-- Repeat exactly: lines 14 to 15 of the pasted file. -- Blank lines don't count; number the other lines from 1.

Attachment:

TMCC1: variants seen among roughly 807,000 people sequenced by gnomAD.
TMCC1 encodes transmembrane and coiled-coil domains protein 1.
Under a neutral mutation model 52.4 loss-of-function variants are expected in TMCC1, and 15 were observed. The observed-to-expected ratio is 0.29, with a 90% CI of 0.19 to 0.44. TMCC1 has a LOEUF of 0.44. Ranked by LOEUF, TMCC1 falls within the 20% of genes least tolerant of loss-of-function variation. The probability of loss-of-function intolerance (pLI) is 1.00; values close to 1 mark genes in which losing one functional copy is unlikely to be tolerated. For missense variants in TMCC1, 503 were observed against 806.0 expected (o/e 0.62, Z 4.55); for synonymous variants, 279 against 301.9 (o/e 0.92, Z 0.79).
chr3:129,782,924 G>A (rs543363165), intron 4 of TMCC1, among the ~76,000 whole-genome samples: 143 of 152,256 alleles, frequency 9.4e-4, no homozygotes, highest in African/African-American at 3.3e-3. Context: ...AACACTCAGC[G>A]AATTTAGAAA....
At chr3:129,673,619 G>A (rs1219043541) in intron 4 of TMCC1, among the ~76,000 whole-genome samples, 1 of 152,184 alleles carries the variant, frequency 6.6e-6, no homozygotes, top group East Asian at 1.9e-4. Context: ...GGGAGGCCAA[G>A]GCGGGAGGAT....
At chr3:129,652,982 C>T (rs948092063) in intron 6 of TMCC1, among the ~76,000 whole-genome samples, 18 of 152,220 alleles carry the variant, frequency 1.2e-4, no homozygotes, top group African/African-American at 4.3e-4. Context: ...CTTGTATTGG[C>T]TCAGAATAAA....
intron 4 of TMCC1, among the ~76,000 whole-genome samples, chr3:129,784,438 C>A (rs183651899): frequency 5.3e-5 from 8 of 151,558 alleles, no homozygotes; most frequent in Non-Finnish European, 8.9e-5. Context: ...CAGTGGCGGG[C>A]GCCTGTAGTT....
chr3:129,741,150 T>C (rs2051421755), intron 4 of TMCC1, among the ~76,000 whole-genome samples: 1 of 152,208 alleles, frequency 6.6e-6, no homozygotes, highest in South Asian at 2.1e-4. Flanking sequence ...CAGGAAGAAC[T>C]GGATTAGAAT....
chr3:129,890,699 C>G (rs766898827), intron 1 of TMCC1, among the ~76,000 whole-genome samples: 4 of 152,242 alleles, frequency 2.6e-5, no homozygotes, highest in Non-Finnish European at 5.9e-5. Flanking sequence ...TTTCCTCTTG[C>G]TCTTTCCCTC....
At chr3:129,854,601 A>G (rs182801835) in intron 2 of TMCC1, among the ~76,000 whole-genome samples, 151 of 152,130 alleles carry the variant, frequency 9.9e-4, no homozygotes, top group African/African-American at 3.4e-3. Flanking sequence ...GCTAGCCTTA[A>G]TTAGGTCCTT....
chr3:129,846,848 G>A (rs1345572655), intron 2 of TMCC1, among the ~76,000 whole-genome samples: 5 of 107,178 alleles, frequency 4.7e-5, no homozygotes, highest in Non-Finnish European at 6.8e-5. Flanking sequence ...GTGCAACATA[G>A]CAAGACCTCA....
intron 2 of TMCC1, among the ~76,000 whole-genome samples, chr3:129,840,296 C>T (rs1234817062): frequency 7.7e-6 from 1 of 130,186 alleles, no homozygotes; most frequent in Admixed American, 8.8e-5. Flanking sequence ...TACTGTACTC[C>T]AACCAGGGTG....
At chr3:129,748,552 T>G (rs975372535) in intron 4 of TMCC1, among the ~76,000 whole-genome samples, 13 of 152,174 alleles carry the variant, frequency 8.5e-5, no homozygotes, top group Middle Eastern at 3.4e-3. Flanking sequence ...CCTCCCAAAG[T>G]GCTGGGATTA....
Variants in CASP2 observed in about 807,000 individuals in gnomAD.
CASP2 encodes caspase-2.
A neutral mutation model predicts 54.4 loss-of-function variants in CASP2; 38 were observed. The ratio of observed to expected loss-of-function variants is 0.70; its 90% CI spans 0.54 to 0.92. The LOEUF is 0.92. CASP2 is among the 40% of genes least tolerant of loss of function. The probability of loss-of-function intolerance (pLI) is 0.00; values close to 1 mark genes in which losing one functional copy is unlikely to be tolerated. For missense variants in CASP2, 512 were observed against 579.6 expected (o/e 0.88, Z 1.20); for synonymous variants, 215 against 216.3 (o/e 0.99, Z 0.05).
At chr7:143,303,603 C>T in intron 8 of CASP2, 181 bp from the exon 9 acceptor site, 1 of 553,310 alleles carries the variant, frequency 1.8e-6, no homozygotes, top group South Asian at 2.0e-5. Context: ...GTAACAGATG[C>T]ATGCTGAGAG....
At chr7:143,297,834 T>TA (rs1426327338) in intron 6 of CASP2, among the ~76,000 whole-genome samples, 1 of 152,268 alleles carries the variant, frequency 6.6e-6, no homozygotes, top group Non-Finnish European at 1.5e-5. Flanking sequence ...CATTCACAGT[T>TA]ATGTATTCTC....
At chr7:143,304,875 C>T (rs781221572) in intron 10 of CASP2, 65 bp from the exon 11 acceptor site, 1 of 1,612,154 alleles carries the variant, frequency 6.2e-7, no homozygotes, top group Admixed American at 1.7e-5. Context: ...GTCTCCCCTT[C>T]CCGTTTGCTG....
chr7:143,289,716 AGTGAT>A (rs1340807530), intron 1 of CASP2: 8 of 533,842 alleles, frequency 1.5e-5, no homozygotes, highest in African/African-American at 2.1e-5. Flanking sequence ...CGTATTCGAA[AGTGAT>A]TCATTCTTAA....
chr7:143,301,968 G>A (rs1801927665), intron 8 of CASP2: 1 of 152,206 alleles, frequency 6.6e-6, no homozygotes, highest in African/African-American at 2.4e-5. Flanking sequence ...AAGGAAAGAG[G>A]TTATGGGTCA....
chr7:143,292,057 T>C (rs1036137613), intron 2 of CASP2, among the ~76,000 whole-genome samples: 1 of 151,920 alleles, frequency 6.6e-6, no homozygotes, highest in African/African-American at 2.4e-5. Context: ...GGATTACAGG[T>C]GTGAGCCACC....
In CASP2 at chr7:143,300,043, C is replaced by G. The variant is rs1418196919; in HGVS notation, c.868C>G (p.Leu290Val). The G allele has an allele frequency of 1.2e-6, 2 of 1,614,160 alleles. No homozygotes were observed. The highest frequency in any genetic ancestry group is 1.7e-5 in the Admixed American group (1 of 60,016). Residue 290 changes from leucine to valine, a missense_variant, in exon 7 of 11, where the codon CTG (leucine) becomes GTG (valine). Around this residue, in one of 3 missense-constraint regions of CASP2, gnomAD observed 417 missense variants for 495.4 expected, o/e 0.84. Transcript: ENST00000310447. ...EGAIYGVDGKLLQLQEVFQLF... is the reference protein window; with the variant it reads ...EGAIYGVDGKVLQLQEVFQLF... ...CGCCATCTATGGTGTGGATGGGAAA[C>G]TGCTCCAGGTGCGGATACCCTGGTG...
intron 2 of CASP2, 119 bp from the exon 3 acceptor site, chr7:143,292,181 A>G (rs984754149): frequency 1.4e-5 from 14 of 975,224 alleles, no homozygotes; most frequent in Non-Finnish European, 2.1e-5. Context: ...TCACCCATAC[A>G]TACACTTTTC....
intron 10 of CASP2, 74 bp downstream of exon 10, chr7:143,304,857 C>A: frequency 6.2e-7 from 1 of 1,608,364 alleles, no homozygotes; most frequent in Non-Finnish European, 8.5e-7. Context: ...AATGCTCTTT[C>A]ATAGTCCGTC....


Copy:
Variants in CASP2 observed in about 807,000 individuals in gnomAD.
CASP2 encodes caspase-2.